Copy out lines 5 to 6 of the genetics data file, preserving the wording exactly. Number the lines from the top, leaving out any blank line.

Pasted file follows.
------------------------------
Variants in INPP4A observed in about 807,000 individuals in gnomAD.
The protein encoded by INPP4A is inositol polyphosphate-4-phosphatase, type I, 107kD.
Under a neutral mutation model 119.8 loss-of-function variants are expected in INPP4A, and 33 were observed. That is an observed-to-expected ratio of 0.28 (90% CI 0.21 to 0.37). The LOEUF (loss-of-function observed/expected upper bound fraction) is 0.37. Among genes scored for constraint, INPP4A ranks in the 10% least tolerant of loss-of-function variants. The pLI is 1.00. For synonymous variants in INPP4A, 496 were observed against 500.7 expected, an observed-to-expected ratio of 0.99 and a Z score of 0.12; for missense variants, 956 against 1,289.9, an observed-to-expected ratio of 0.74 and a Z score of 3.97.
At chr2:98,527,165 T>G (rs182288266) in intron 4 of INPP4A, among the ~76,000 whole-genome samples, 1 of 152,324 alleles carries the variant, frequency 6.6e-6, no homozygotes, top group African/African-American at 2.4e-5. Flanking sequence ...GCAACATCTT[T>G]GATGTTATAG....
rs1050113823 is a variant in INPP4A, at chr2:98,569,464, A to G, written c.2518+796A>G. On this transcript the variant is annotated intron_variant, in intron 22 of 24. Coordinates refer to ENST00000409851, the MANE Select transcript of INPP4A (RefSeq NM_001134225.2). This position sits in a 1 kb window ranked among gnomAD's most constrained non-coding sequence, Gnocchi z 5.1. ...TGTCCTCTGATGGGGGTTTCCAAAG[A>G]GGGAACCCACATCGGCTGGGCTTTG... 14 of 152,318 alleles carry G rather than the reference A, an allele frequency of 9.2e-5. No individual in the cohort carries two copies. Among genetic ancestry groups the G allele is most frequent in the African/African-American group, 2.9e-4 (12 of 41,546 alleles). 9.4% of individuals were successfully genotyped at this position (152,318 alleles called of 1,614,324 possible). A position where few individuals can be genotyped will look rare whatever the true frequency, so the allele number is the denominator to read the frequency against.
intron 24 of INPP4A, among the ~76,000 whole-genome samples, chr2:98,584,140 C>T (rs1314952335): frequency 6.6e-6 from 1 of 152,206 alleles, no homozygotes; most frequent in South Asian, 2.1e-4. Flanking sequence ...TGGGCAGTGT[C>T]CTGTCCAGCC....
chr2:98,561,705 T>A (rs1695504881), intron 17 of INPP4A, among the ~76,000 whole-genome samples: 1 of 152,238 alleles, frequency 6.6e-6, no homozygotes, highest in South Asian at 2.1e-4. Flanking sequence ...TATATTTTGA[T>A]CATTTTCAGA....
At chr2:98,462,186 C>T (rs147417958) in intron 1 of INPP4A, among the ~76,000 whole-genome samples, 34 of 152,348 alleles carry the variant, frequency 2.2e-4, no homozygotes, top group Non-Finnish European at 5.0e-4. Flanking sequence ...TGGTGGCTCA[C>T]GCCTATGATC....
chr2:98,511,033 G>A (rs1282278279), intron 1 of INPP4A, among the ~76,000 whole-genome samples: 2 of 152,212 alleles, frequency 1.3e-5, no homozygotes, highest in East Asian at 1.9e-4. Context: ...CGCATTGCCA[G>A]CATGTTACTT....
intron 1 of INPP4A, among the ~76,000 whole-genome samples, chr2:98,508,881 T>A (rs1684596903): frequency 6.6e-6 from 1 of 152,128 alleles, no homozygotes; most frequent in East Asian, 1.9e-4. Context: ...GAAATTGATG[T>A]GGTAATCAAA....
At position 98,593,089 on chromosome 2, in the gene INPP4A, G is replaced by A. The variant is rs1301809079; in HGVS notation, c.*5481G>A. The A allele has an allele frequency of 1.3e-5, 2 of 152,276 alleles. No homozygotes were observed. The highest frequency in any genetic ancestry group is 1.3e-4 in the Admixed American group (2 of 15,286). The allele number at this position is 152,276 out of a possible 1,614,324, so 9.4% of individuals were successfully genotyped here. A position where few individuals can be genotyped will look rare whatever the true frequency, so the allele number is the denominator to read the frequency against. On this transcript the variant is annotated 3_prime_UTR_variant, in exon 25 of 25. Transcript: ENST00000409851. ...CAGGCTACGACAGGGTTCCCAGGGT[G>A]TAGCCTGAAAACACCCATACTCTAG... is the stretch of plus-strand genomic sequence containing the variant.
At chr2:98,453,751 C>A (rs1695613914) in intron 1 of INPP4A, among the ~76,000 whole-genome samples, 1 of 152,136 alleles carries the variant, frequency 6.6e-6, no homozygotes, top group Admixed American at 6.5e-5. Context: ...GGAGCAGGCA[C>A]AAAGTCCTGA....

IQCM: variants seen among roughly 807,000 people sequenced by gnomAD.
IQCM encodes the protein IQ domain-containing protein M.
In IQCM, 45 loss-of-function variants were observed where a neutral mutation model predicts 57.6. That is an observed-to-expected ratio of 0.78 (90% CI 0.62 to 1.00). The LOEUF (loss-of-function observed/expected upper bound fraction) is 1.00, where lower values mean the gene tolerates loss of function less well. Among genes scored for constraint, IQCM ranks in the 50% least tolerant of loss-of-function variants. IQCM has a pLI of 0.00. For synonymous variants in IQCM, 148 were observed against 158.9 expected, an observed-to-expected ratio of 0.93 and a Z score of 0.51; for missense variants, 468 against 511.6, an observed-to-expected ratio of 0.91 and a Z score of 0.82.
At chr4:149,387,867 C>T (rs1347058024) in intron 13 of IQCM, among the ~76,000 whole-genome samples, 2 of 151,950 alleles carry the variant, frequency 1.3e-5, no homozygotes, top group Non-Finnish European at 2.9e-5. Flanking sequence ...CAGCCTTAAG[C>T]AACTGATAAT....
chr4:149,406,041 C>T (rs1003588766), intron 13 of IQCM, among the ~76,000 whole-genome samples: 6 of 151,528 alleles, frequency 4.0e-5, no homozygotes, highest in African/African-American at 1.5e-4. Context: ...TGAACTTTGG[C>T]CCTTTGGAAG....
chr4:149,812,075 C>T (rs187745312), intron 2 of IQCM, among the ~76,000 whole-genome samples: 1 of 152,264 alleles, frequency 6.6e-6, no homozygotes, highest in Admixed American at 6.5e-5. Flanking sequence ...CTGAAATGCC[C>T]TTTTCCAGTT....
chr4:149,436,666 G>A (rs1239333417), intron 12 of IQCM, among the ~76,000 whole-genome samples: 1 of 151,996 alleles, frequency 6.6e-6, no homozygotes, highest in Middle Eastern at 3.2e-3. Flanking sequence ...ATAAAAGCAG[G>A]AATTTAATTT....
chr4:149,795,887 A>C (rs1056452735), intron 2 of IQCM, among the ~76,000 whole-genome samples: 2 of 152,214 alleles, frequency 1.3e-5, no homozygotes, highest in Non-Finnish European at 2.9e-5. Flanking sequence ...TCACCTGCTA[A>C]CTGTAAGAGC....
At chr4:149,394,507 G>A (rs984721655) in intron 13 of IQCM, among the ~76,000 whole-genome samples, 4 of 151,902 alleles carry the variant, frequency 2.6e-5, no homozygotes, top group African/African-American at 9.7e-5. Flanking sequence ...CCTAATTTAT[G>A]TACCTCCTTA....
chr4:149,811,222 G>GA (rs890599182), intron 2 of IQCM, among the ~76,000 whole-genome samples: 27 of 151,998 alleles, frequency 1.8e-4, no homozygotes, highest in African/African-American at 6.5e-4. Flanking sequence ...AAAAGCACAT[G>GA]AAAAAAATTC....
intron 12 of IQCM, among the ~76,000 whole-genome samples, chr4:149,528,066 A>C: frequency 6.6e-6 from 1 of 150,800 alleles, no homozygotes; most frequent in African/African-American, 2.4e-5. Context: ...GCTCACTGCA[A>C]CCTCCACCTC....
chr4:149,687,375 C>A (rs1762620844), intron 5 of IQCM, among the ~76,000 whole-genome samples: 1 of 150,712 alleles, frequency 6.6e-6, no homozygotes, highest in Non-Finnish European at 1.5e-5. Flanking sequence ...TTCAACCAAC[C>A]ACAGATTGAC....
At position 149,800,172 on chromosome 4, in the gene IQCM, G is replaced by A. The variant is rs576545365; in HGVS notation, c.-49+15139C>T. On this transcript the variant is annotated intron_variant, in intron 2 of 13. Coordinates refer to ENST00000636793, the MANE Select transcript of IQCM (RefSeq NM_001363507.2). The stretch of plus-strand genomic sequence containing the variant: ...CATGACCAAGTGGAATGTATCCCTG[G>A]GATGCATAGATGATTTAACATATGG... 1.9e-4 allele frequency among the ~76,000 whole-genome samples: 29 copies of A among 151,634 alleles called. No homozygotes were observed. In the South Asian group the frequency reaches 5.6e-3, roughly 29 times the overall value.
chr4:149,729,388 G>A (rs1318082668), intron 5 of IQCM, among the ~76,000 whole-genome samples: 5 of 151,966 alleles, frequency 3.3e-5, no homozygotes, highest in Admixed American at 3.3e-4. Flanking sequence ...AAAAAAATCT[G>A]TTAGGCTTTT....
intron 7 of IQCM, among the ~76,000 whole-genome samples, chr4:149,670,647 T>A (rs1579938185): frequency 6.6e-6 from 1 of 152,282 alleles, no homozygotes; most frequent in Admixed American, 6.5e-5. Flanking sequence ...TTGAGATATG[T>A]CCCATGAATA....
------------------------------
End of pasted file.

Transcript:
rs1050113823 is a variant in INPP4A, at chr2:98,569,464, A to G, written c.2518+796A>G. On this transcript the variant is annotated intron_variant, in intron 22 of 24. Coordinates refer to ENST00000409851, the MANE Select transcript of INPP4A (RefSeq NM_001134225.2). This position sits in a 1 kb window ranked among gnomAD's most constrained non-coding sequence, Gnocchi z 5.1. ...TGTCCTCTGATGGGGGTTTCCAAAG[A>G]GGGAACCCACATCGGCTGGGCTTTG... 14 of 152,318 alleles carry G rather than the reference A, an allele frequency of 9.2e-5. No individual in the cohort carries two copies. Among genetic ancestry groups the G allele is most frequent in the African/African-American group, 2.9e-4 (12 of 41,546 alleles). 9.4% of individuals were successfully genotyped at this position (152,318 alleles called of 1,614,324 possible). A position where few individuals can be genotyped will look rare whatever the true frequency, so the allele number is the denominator to read the frequency against.
intron 24 of INPP4A, among the ~76,000 whole-genome samples, chr2:98,584,140 C>T (rs1314952335): frequency 6.6e-6 from 1 of 152,206 alleles, no homozygotes; most frequent in South Asian, 2.1e-4. Flanking sequence ...TGGGCAGTGT[C>T]CTGTCCAGCC....